Ga.’s top court reverses ex-educator’s conviction
Eds: ADDS comments from Denson’s attorney.
By GREG BLUESTEIN
Associated Press Writer
ATLANTA (AP) — Prosecutors have little doubt Rodney Denson, an ex-assistant principal at a Fulton County middle school, shot his estranged wife six times. But a procedural error has forced Georgia’s top court to reverse his conviction.
Denson was sentenced to 22 years in prison after pleading guilty in 2005 to shooting and wounding his wife, Elletta Bailey, repeatedly as her three children were getting ready for school at their home in Fairburn.
The Georgia Supreme Court’s unanimous ruling Monday, though, concluded there was a flaw in Denson’s court transcript: He was never advised that by pleading guilty he was waiving his right against self-incrimination.
Prosecutors now may decide to take the case to trial, or pursue another plea deal. Fulton County District Attorney Paul Howard’s office did not immediately return phone calls, but in 2005 he declared the “viciousness of the attack is almost hard to imagine.”
“When an individual so utterly betrays the trust inherent in marriage and family life with this kind of inexplicable violence, justice demands a sentence such as the one handed down today,” Howard said then.
Denson, who worked at Kennedy Middle School, went to Bailey’s house around 5:30 a.m. on November 22, 2004, saying he wanted to talk to her. He soon began firing two handguns, striking Bailey six times, according to county prosecutors.
He then threatened to shoot his 16-year-old stepdaughter, relenting only when she cowered on the floor begging for her life, according to court documents.
Bailey survived, but was severely injured in the attack and racked up tens of thousands of dollars in medical expenses. “It is doubtful she will ever recover,” read the court’s ruling.
Shortly after the shootings, court records say Denson called several friends to confess. He soon pleaded guilty to aggravated assault with a deadly weapon and other charges and was sentenced in December 2005 to 22 years in prison and 13 years of probation.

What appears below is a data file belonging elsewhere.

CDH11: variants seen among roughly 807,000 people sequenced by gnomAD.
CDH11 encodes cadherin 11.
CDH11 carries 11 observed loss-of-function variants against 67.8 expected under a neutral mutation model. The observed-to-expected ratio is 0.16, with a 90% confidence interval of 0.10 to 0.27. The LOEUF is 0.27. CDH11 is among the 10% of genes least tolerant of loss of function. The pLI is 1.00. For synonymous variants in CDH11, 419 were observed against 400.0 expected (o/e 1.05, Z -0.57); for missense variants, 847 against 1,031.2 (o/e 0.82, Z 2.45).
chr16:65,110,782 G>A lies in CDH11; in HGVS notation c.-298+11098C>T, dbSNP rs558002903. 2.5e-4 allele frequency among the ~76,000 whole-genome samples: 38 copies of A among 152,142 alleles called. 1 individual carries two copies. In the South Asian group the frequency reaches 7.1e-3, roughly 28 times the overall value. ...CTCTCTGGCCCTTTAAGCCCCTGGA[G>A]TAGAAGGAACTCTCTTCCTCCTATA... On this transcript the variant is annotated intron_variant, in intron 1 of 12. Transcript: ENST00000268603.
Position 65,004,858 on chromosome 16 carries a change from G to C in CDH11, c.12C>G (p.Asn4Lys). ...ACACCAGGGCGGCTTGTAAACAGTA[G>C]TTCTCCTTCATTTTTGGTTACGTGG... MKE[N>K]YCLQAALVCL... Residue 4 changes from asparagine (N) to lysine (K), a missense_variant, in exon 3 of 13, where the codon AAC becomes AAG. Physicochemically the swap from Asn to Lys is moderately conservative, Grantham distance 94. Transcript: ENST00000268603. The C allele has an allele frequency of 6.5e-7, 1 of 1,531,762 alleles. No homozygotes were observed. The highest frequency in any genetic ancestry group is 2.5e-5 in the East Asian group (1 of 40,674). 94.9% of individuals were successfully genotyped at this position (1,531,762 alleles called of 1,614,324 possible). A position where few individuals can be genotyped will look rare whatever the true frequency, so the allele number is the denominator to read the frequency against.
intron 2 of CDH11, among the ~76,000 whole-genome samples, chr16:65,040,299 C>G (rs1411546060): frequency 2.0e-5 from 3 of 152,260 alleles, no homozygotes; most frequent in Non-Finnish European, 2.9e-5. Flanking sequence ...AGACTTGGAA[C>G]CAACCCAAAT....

Two years later, he appealed the sentence on grounds that his constitutional rights were violated when he pleaded guilty. An appeals court dismissed the motion, but the Georgia Supreme Court ruling Monday reversed that decision.
The court said it was clear he was advised of two of his rights — the right to a jury and the right to confront the witnesses against him. But the court found it “equally clear” that Denson was not advised he was waiving his right against self-incrimination.
The court said it was relying on a 1969 Supreme Court decision that found a guilty plea must be set aside if there’s no evidence the defendant “knowingly, intelligently and voluntarily” waived all the three rights.
“The state has pointed us to no extrinsic evidence from which we could conclude that Denson knowingly, intelligently, and voluntarily waived his right against self-incrimination, and our own thorough review of the record has uncovered none,” read the opinion, penned by Chief Justice Leah Ward Sears.
State attorneys said they were discouraged by the decision.
“We are disappointed when someone who committed such a heinous act has their conviction and sentence tossed out,” said Russ Willard, spokesman for the Georgia Attorney General’s office.
But Denson’s attorney noted his case is not unusual — roughly a dozen similar sentences have been overturned by Georgia appellate courts over the last four years.
“A constitutional right is never a technicality,” said Sarah Gerwig-Moore, a Mercer University Law School professor who handled Denson’s appeal.
“All I’m trying to do is make sure people get it right,” she said. “This was his 45 minutes in court before he spends the rest of his life in prison. There’s nothing we should care about more than this procedure.”
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